Conservative Prime Minister David Cameron defended Hunt’s decision, saying, “It is right to take those difficult decisions because it means we can keep more people employed, we can keep more people in work, and make sure we spend money on vital treatments, on hospitals, on delivering services, which is what patients so badly want.”
No one should be deceived by these crocodile tears about “vital treatments”, “hospital services”, “patient care” and “staff jobs”. They come from a government that has implemented drastic austerity measures against the working class while bailing out and enriching the super-rich since the global economic crisis erupted in 2008. It has ruthlessly implemented the plans of the previous Labour government to cut £20 billion from the NHS budget by 2015, which has decimated patient care by shutting down hospitals, children heart units, Accident and Emergency departments, maternity units and walk in centres. It plans to extend the funding cuts to £30 billion by 2021.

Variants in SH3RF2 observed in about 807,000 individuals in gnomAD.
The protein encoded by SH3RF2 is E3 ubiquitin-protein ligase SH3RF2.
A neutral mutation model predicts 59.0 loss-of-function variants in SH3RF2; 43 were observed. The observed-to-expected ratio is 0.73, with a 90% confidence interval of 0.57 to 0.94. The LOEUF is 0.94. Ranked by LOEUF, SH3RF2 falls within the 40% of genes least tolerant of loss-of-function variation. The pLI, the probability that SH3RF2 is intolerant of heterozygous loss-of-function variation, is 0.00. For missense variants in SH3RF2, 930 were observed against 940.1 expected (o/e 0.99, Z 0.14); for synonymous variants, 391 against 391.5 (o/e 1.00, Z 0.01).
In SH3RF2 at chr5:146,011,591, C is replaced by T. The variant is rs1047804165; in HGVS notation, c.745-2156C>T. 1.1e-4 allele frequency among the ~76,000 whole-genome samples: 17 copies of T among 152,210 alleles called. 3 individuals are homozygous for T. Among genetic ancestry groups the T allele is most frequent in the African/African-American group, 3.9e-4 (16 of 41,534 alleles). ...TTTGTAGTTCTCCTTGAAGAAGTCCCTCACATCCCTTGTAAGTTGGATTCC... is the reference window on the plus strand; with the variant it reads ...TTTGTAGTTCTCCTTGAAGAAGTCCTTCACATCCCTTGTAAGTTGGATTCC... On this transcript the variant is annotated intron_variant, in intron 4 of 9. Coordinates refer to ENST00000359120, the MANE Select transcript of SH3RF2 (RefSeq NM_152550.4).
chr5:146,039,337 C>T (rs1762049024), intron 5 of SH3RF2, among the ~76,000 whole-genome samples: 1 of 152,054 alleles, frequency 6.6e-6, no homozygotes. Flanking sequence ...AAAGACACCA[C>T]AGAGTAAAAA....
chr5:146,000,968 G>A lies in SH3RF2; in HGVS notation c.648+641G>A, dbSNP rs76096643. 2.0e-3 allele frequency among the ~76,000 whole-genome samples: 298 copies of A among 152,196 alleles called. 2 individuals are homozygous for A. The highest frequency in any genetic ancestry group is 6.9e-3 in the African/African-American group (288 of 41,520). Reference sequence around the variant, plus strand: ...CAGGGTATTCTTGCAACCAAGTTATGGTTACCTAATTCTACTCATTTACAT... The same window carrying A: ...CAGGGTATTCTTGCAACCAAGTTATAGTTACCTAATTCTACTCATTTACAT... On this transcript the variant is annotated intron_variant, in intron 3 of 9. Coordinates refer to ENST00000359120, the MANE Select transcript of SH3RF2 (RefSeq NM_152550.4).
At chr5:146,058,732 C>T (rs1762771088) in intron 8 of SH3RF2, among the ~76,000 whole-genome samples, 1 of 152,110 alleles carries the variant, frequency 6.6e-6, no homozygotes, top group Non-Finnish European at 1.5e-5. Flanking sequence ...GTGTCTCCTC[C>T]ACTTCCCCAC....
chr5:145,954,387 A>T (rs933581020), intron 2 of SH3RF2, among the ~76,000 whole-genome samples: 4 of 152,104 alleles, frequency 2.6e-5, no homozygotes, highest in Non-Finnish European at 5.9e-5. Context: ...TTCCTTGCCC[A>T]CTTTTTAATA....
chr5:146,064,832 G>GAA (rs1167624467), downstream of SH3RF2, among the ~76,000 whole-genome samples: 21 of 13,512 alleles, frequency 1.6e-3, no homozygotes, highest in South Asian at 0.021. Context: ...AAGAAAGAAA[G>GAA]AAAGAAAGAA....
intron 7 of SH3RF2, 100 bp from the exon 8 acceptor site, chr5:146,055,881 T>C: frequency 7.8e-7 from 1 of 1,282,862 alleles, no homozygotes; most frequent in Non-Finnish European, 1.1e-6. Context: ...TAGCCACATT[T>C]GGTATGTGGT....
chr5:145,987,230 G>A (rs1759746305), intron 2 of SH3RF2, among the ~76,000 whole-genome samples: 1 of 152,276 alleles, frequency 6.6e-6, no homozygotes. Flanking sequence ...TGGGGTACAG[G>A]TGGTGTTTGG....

In 2012, this government brought the Health and Social Care Act into place, aimed at the wholesale privatisation of the NHS by replacing the previous “duty to provide comprehensive health care” with “duty to arrange”. In 2013, £65 billion of the NHS budget was transferred to Clinical Commissioning Groups run by GP consortium, allowing them to buy care from any provider—private or NHS. More recently, the government inserted Clause 119 to the Care Bill in order to shut down hospitals, special units or departments without consultation and impunity.